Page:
Pieper, Francis. Christian Dogmatics: Volume 1. St. Louis: Concordia Publishing House, 1968.
Chapter B8, “A Brief Critique of Modern Theology in so far as It Denies the Inspiration of Scripture”
Pieper distinguishes between “old” theology and “modern” theology in that the “old” theologians commit to be governed by the Scripture while the “modern” ones place themselves as judges of the Scripture. Pieper’s assessment of the reasoning says that the modern theologians (he cites several) want to examine the Bible to see what is true. From John chapter 8 he suggests that those scholars are not God’s people at all. Underlying this, he says, is a rejection of Christ’s vicarious satisfaction. To defend themselves, the modern theologians introduce a number of problematic arguments.
1) It was later generations of dogmaticians who invented the idea of Scripture as God’s infallible Word.
2) Luther may not have considered the Bible as God’s Word.
3) Dogmaticians view Scripture as mechanically dictated.
4) Inspirationists think the Bible fell from heaven as it stands today.
Pieper contradicts these assertions in brief. He views God’s Word as reliable, in agreement with the historic Church.
Chapter B9, “The Consequences of the Denial of the Inspiration of Holy Scripture”
Pieper shows that, at least for a time, modernist Protestant theologians would assert that the Scripture was of paramount importance. However, as their denial of the supernatural inspiration took hold, they had a self-contradictory stance. The Bible was the authority when it was right. This finally places the scholar in the position of judge over the Scripture, leading to one’s own faith providing the norm. This, says Pieper, results in several problems, which he describes.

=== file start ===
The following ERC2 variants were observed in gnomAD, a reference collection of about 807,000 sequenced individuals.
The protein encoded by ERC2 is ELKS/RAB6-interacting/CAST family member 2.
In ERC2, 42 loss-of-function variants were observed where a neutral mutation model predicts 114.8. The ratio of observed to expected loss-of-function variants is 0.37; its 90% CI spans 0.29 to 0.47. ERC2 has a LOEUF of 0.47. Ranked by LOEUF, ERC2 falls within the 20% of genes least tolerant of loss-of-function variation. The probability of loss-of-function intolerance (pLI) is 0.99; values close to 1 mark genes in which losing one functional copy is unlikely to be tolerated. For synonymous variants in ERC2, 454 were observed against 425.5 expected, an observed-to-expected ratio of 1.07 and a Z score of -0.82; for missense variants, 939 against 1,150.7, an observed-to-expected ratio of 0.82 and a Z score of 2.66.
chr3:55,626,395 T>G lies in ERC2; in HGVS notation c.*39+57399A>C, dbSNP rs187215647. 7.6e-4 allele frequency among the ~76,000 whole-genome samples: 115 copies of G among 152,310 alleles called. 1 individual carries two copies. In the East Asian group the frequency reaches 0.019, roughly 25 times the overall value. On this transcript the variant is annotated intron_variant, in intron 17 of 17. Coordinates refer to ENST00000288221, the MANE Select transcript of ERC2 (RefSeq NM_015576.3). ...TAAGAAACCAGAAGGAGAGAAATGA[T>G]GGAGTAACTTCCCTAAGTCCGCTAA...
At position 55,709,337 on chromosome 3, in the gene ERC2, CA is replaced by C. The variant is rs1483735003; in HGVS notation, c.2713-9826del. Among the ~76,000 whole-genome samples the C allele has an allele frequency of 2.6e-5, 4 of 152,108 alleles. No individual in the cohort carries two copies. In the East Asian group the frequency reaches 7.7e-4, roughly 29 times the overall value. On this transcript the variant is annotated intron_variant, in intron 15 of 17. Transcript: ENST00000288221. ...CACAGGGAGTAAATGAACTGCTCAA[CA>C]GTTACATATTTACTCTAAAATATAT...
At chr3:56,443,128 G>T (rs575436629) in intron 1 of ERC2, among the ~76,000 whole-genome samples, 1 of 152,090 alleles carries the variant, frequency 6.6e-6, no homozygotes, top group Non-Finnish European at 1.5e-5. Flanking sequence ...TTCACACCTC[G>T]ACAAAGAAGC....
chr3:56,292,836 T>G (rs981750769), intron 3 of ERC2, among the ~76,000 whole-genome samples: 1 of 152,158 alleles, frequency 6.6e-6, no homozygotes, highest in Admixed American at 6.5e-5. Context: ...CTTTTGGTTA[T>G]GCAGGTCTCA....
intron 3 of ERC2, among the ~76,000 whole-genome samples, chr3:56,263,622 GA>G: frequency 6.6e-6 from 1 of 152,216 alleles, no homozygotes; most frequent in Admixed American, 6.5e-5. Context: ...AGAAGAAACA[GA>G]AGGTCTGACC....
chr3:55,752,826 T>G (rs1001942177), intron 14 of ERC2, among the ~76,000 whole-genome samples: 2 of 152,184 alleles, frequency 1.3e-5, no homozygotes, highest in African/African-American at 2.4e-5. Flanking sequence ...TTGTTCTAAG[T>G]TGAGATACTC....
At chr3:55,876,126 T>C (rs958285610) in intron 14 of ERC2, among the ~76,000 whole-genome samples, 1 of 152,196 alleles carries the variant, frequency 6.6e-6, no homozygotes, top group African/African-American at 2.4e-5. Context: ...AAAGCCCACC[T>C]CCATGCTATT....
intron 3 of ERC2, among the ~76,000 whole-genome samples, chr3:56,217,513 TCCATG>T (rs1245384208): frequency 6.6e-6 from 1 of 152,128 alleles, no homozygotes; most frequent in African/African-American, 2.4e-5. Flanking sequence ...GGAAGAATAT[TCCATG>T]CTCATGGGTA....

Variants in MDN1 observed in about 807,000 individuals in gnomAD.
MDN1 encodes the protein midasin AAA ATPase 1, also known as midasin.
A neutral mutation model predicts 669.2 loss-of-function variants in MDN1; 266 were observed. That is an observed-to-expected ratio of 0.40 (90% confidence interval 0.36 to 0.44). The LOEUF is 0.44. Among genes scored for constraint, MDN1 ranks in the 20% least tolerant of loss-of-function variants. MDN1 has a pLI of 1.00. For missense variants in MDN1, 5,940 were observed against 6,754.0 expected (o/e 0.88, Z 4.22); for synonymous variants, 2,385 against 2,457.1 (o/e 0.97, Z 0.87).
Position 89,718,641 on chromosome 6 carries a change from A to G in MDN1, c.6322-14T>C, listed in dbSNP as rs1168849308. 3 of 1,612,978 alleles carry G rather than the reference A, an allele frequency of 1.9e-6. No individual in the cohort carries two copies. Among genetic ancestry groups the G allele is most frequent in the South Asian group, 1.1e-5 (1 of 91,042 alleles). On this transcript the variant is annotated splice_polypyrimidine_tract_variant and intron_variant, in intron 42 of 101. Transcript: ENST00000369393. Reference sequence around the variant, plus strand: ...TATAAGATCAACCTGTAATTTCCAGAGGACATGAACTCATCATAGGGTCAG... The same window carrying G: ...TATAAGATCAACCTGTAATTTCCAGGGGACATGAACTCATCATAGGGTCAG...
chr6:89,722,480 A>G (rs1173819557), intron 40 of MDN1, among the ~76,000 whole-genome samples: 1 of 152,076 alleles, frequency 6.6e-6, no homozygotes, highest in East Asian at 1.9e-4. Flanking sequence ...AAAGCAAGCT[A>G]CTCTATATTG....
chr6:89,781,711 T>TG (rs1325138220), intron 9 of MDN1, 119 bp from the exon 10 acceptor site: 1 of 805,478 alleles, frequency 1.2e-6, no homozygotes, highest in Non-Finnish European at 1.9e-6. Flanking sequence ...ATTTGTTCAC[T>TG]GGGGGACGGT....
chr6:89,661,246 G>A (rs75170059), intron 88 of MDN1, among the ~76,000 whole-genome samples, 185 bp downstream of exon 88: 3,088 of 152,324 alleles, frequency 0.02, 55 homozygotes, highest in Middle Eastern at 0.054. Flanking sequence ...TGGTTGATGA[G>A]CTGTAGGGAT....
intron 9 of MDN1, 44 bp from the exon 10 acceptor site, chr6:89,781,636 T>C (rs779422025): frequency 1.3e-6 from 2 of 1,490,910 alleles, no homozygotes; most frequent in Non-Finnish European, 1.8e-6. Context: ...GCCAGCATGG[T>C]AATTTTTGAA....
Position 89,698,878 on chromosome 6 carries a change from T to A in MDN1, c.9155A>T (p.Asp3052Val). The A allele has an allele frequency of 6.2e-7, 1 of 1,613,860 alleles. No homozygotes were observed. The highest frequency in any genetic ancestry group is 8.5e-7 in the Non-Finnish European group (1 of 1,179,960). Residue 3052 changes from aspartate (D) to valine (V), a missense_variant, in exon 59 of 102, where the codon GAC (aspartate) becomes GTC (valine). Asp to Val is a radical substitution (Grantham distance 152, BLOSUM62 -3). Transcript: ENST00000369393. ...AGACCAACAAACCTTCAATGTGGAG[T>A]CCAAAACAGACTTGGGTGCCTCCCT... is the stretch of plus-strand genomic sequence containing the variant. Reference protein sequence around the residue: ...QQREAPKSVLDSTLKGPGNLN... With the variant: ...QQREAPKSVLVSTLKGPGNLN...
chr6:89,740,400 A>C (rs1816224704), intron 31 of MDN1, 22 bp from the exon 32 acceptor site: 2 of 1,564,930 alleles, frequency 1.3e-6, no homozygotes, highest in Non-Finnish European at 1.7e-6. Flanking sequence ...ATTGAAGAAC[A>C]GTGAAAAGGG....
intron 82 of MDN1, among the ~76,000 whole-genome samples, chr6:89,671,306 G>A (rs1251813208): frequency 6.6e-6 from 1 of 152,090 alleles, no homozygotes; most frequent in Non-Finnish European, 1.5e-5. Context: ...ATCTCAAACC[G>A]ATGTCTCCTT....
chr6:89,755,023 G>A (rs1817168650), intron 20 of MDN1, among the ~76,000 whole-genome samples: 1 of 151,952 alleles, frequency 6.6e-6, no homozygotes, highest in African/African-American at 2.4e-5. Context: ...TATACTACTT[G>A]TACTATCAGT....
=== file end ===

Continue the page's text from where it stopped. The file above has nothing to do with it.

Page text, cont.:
1) Human illusion replaces Christian truth.
2) Faith no longer exists, as it is not based on the Word of God (Romans 10).
3) Christian prayer, which is rooted in Christ’s words, is no longer practiced.
4) There is no victory over death (John 8:51).
5) Our mission based on Matthew 28:19 is futile.
6) There is no unity of the faith which is rooted in God’s Word.
7) God, who only approaches us through the Word, becomes invisible.
8) Christian wisdom from above is replaced by the wisdom from this world.
Pieper closes with an extended quote of C.F.W. Walther, recognizing that modernist denial of the inspiration strips Christianity of all that is Christian.